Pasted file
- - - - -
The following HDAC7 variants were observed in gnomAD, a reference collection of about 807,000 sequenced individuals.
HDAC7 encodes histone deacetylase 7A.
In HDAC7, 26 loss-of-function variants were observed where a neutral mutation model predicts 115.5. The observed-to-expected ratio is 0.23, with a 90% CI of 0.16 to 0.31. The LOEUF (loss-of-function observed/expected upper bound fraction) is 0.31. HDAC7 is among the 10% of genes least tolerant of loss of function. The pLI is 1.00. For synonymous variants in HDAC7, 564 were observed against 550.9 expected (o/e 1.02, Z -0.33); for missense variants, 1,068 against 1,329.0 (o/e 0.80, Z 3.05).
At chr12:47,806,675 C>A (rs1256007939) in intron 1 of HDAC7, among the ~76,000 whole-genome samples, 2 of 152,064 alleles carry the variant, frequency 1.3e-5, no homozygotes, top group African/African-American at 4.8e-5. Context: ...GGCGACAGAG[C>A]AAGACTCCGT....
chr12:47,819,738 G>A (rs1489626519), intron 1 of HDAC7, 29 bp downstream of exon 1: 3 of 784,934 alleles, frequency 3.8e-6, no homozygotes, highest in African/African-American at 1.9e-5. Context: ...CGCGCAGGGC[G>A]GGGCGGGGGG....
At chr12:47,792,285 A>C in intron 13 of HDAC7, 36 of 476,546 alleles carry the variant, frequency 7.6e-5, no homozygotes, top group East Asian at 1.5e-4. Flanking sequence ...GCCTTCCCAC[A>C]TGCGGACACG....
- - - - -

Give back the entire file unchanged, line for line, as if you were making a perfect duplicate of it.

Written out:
The following HDAC7 variants were observed in gnomAD, a reference collection of about 807,000 sequenced individuals.
HDAC7 encodes histone deacetylase 7A.
In HDAC7, 26 loss-of-function variants were observed where a neutral mutation model predicts 115.5. The observed-to-expected ratio is 0.23, with a 90% CI of 0.16 to 0.31. The LOEUF (loss-of-function observed/expected upper bound fraction) is 0.31. HDAC7 is among the 10% of genes least tolerant of loss of function. The pLI is 1.00. For synonymous variants in HDAC7, 564 were observed against 550.9 expected (o/e 1.02, Z -0.33); for missense variants, 1,068 against 1,329.0 (o/e 0.80, Z 3.05).
At chr12:47,806,675 C>A (rs1256007939) in intron 1 of HDAC7, among the ~76,000 whole-genome samples, 2 of 152,064 alleles carry the variant, frequency 1.3e-5, no homozygotes, top group African/African-American at 4.8e-5. Context: ...GGCGACAGAG[C>A]AAGACTCCGT....
chr12:47,819,738 G>A (rs1489626519), intron 1 of HDAC7, 29 bp downstream of exon 1: 3 of 784,934 alleles, frequency 3.8e-6, no homozygotes, highest in African/African-American at 1.9e-5. Context: ...CGCGCAGGGC[G>A]GGGCGGGGGG....
At chr12:47,792,285 A>C in intron 13 of HDAC7, 36 of 476,546 alleles carry the variant, frequency 7.6e-5, no homozygotes, top group East Asian at 1.5e-4. Flanking sequence ...GCCTTCCCAC[A>C]TGCGGACACG....